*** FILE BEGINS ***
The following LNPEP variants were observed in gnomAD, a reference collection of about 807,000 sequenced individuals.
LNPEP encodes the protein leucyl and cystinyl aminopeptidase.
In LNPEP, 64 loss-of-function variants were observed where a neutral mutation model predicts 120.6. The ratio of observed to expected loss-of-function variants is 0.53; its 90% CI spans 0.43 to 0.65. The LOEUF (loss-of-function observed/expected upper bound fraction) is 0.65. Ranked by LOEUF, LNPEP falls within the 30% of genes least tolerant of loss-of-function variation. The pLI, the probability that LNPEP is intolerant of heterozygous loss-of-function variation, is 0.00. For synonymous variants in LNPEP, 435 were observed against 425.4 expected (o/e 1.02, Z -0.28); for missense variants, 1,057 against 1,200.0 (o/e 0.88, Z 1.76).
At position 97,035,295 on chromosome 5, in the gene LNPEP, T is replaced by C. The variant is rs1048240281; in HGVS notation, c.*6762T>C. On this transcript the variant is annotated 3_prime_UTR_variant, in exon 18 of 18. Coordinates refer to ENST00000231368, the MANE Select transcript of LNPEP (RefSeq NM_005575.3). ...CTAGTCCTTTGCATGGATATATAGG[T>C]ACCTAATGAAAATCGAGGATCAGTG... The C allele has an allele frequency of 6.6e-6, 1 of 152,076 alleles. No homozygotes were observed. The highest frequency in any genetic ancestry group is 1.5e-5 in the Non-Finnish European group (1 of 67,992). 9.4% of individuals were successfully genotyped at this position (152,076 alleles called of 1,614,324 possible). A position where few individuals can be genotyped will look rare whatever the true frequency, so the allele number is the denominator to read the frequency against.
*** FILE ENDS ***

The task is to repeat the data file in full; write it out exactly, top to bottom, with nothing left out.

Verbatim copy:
The following LNPEP variants were observed in gnomAD, a reference collection of about 807,000 sequenced individuals.
LNPEP encodes the protein leucyl and cystinyl aminopeptidase.
In LNPEP, 64 loss-of-function variants were observed where a neutral mutation model predicts 120.6. The ratio of observed to expected loss-of-function variants is 0.53; its 90% CI spans 0.43 to 0.65. The LOEUF (loss-of-function observed/expected upper bound fraction) is 0.65. Ranked by LOEUF, LNPEP falls within the 30% of genes least tolerant of loss-of-function variation. The pLI, the probability that LNPEP is intolerant of heterozygous loss-of-function variation, is 0.00. For synonymous variants in LNPEP, 435 were observed against 425.4 expected (o/e 1.02, Z -0.28); for missense variants, 1,057 against 1,200.0 (o/e 0.88, Z 1.76).
At position 97,035,295 on chromosome 5, in the gene LNPEP, T is replaced by C. The variant is rs1048240281; in HGVS notation, c.*6762T>C. On this transcript the variant is annotated 3_prime_UTR_variant, in exon 18 of 18. Coordinates refer to ENST00000231368, the MANE Select transcript of LNPEP (RefSeq NM_005575.3). ...CTAGTCCTTTGCATGGATATATAGG[T>C]ACCTAATGAAAATCGAGGATCAGTG... The C allele has an allele frequency of 6.6e-6, 1 of 152,076 alleles. No homozygotes were observed. The highest frequency in any genetic ancestry group is 1.5e-5 in the Non-Finnish European group (1 of 67,992). 9.4% of individuals were successfully genotyped at this position (152,076 alleles called of 1,614,324 possible). A position where few individuals can be genotyped will look rare whatever the true frequency, so the allele number is the denominator to read the frequency against.